Wednesday, November 14, 2007

The stealth pollution – Light

Comet Holmes, a usually unnoticed visitor of the night sky, came to the forefront in October when suddenly its magnitude, which is usually a dim 17, increased to a bright 2.5. Being a fan of the stars (in the sky, not earthly celebrities), I decided to see the comet for myself.

Since nighttime hours are getting longer, I could go out and see the comet at a reasonable time. I live in the suburbs east of Cleveland, and only a few miles from Lake Erie. While there are over 50,000 people living in my city, I live in an area where the houses aren’t right on top of each other. Still, there are streetlights and lights from retail stores close by. Those lights are a great help for safety and security, but not when you’re stargazing.

When we finally had a clear night, I made sure any of my outside lights were off and headed out with my telescope and binoculars. I was surprised at the amount of light spilling out from my indoor lights, so I turned them off. Two of my neighbors had their outside lights on; luckily they were over 100 feet away so it wasn’t too noticeable. After a few minutes, my eyes adjusted to the dark and I found the comet easily using binoculars.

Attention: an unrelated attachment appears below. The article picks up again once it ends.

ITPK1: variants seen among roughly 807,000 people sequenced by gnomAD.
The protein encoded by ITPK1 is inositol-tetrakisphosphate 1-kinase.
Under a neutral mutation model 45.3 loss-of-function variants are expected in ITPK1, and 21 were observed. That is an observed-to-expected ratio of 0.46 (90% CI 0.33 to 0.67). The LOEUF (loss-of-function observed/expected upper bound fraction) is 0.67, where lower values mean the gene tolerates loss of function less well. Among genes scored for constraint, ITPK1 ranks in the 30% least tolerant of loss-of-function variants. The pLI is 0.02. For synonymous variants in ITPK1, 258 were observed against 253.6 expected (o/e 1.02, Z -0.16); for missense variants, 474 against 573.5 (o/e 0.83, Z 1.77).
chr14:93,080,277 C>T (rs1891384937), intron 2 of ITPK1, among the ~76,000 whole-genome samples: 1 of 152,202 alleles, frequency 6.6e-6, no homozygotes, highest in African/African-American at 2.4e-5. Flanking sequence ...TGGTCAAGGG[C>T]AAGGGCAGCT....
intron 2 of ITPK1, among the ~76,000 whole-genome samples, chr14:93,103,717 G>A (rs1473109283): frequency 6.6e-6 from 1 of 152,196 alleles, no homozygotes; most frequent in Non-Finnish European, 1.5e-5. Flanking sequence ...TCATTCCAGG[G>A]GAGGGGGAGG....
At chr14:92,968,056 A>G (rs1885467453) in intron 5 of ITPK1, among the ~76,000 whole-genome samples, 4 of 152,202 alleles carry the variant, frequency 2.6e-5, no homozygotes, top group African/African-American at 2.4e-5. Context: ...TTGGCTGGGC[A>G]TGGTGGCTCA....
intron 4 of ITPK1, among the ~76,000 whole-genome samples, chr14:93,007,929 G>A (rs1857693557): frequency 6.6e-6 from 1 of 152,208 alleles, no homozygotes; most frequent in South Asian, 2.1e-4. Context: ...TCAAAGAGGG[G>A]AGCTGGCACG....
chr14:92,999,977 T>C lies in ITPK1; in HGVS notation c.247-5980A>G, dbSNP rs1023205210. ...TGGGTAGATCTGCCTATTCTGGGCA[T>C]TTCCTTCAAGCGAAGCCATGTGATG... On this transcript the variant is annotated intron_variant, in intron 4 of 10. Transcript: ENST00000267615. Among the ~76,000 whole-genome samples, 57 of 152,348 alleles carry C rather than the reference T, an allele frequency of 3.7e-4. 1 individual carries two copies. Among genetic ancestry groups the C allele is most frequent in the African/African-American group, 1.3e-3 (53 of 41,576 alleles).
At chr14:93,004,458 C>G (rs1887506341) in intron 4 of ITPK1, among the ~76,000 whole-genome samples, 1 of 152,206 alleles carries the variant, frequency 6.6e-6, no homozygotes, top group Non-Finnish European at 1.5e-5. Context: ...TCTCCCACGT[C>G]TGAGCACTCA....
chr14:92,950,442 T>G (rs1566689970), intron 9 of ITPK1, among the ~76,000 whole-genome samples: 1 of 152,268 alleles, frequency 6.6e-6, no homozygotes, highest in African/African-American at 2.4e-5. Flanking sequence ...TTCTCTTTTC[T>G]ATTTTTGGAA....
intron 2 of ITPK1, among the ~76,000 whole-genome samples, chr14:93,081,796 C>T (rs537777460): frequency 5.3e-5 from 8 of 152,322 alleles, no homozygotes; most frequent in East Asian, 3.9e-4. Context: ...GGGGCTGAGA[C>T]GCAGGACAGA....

After being outside for about 20 minutes, I noticed a glow coming from the horizon, in all directions. Since I was facing north and east, it clearly wasn’t the sun. I didn’t give it much thought at the time.

During the night, cloud cover moved back in. When I went outside at 5:00 AM to get the morning papers, the glow was still there, and brighter than ever. Despite the fact that sunrise was hours away, the clouds looked silvery white. Most noticeable were the lights from a car dealership over 2 miles away, shining a glaring white against the clouds. I scanned around and the glare of streetlights and parking lot lights from the surrounding areas created a ring of bright light all around the area. I knew that I was seeing classic light pollution, and, for a minute, it brought a memory to me…

Over 20 years ago, while visiting Maui, Hawaii, I was treated to a spectacular view of the night sky. Since many parts of the state are so far removed from big cities, not to mention the rest of the world, light pollution isn’t as much of an issue. The night sky there was amazing. The Milky Way was glaringly obvious. In fact, it was almost like you could reach up and touch the stars, as if the sky had become a low ceiling of sparkling and dancing dots, many white but some with faint color. I can close my eyes and still see it to this day. I wish, though, that I could see it again, but without having to fly across the country, or the world, to do so.

I know that it is not practical or realistic to expect everyone to keep their lights off so I can see the stars. But wouldn’t it be interesting for communities to have a “lights out” night once in a while, where we all turn off our inside and our outside lights just for the evening? Or, maybe I should just wait for a clear night, and the next power failure. I would sure like to touch the stars again, in my own back yard.

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